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Baby Bassinet Safety

by
author image Kay Ireland
Kay Ireland specializes in health, fitness and lifestyle topics. She is a support worker in the neonatal intensive care and antepartum units of her local hospital and recently became a certified group fitness instructor.
Baby Bassinet Safety
Woman placing baby down in wooden bassinet. Photo Credit Purestock/Purestock/Getty Images

Bassinets are a popular alternative to cribs during a baby's first months when parents often want the child to sleep in the same room. When looking for a suitable bassinet, keep in mind that all are not created equally. Some violate safety standards and are not good choices for your little one. When you bring the bassinet home, follow strict safety rules to ensure that when you lay your baby down to sleep, you do so in a safe and comfortable manner. Bassinet safety is not a topic to take lightly for new parents.

Mobiles and Accessories

Bassinets often come with attachments, such as mobiles to help soothe your baby to sleep. Beware of the safety risk this could pose to your child. Never use any type of attachment that leaves toys or strings hanging into the bed, as they could be a strangulation hazard. Consumer Reports recommends that accessories are placed well out of the baby's reach, for looking at only.

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Blankets

Although your baby might look chilly lying in his bassinet, you should never use blankets or pillows. In the small, enclosed environment of the bassinet, these could become a suffocation hazard. Instead of adding blankets, use pajamas. Never put anything in the bassinet that didn't come in the original packaging.

Sleeping Position

Always place your baby on her back to sleep to minimize the risk of Sudden Infant Death Syndrome, advises the American Association of Pediatrics (AAP). In this way, a bassinet is no different from a regular crib.

Bassinet Safety Standards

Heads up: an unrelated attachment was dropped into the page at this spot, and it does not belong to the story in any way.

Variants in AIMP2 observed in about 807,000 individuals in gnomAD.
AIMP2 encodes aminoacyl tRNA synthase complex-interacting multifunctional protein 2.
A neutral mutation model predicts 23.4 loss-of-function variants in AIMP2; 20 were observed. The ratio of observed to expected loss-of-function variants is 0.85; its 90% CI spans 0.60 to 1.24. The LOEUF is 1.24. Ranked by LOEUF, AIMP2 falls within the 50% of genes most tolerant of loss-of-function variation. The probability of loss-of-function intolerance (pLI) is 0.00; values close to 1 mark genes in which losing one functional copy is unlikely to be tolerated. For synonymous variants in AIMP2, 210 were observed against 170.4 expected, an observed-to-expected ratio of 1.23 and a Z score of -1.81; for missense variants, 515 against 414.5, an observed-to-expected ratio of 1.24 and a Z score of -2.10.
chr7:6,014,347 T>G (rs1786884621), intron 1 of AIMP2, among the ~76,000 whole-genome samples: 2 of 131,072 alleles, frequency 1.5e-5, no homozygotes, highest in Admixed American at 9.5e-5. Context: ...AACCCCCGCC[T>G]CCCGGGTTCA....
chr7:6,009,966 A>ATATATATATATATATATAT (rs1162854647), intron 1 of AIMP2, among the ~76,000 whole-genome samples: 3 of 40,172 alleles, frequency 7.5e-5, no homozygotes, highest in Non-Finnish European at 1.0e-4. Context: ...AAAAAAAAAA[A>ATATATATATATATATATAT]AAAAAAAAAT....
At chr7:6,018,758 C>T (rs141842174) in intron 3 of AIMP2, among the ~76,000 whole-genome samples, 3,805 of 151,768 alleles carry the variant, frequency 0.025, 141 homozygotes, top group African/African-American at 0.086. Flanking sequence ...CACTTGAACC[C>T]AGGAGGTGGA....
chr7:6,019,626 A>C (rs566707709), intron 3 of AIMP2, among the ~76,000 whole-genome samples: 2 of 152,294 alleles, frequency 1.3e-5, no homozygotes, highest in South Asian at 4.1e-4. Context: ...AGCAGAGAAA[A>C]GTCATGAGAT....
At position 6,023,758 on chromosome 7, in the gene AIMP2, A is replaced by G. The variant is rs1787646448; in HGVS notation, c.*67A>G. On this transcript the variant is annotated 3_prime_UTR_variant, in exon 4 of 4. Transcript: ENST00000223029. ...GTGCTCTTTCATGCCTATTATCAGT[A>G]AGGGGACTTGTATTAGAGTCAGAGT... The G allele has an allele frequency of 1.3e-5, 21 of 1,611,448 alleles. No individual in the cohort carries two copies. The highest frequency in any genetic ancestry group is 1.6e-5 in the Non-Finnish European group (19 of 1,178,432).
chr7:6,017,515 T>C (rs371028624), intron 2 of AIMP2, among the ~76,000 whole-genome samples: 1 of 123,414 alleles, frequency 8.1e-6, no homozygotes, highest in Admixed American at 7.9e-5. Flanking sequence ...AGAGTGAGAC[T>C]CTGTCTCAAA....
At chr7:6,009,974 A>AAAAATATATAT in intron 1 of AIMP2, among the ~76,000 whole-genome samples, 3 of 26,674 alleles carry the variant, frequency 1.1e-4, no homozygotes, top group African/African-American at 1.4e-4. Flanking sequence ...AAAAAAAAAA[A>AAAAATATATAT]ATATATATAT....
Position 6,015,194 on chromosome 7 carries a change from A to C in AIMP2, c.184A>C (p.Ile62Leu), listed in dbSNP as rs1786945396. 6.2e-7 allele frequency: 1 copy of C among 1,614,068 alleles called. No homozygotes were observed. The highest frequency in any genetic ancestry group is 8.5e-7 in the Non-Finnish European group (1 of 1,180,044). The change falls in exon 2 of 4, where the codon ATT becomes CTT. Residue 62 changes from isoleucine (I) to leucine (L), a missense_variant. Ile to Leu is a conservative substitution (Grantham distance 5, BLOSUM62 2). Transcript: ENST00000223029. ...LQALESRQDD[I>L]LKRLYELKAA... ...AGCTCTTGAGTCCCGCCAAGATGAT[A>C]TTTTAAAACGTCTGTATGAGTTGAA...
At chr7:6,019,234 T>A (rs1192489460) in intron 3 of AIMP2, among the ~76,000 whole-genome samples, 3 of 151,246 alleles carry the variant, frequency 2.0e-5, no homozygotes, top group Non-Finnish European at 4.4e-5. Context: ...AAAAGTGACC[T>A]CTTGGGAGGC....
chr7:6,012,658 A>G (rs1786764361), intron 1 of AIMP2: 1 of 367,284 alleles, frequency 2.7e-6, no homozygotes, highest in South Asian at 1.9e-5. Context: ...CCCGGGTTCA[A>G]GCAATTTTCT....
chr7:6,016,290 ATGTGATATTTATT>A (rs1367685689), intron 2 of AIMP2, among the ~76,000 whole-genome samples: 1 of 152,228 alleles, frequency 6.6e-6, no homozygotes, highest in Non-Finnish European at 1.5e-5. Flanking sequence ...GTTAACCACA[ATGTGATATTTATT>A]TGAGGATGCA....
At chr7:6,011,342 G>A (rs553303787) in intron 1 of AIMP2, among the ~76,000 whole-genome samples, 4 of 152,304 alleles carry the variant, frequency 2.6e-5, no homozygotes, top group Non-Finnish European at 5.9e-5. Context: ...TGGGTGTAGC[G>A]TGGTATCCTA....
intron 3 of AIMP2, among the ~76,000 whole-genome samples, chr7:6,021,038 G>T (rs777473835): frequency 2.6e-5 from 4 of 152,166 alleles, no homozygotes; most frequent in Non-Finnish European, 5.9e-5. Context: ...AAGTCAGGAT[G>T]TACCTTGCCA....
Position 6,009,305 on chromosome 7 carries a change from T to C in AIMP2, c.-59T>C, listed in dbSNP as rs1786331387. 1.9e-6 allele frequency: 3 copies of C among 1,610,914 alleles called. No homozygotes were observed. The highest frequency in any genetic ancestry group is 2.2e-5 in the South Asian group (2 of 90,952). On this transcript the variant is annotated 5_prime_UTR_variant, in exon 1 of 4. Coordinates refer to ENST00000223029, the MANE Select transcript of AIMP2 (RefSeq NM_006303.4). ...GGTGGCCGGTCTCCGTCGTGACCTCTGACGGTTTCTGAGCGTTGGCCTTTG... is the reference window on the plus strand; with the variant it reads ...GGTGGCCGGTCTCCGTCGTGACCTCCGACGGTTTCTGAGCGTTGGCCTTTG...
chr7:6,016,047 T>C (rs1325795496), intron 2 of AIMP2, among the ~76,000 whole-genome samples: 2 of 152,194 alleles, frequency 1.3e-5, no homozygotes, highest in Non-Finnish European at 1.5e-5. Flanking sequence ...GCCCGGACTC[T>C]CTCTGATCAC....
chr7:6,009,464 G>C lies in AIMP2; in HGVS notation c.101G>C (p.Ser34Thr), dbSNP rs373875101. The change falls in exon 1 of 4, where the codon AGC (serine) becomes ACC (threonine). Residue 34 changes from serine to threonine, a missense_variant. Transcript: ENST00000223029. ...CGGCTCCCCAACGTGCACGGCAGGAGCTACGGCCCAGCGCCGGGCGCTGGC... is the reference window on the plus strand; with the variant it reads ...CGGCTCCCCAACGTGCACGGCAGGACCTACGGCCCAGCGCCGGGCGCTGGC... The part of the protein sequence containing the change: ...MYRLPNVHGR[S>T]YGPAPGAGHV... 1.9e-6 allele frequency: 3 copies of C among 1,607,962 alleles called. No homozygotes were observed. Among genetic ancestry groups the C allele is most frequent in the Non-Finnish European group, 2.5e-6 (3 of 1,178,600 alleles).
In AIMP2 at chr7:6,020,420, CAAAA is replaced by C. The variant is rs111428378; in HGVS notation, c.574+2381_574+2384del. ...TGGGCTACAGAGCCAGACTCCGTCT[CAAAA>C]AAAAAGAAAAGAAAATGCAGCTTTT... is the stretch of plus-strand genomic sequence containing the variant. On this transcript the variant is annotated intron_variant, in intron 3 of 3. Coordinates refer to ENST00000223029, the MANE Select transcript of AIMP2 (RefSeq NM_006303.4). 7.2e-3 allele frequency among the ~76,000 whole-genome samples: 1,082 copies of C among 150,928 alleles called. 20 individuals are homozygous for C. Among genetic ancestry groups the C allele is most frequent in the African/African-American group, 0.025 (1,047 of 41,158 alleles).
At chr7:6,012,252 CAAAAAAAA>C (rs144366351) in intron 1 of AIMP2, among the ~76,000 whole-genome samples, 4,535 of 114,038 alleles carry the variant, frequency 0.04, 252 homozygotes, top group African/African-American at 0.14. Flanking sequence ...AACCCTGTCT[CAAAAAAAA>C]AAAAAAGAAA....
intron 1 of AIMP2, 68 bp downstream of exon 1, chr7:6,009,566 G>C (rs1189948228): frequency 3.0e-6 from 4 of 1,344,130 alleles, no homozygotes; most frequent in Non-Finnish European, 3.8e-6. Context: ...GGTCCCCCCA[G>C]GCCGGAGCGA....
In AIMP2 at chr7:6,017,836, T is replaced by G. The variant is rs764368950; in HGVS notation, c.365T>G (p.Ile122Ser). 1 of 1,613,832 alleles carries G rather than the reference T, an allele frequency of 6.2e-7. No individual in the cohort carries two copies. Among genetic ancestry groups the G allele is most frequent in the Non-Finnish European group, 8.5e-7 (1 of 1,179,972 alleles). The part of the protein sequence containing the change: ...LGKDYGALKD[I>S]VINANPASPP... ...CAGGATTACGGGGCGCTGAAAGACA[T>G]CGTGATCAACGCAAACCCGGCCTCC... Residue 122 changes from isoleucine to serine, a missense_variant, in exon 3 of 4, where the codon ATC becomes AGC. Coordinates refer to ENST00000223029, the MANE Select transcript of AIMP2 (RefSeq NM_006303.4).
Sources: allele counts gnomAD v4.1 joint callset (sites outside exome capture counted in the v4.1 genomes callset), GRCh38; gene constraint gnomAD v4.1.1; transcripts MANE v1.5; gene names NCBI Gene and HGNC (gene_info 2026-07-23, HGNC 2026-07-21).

The U.S. Consumer Product Safety Commission (CPSC) sets certain standards for every bassinet to have. A bassinet should have a firm mattress for the baby to sleep on. The sheet that covers the mattress should fit the mattress snugly. The edges of the bassinet should be made of a breathable material, preferably mesh, so that if your child rolls in the night, he doesn't become suffocated when his mouth is pressed against the edges of the bassinet. Your child should only sleep in a bassinet until he is approximately 1 month old or weighs 10 lbs.; then he should be moved to a full sized crib. Take note of the manufacturer's recommendations for the size requirements so that you can be sure that your baby is safe.

CPSC Warnings

Some bassinets are not safe for any baby. In 2008, the CPSC recalled all of Simplicity bassinets that had a drop down leaf for co-sleeping. The leaf was held by a metal bar. When children slipped out of the bassinet, they were caught by the bar and strangled. The CPSC notes that any bassinet with moving parts can be hazardous to your baby.

Heirloom Bassinets

Unfortunately, though you may want to use a bassinet that you slept in as a baby, or one that has been in the family, bassinets made more than 5 years prior to your baby's birth do not conform to the latest safety standards and are not safe to use as a sleeping option for your baby. Use the heirloom bassinet to hold toys and purchase a new one for sleeping.

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References

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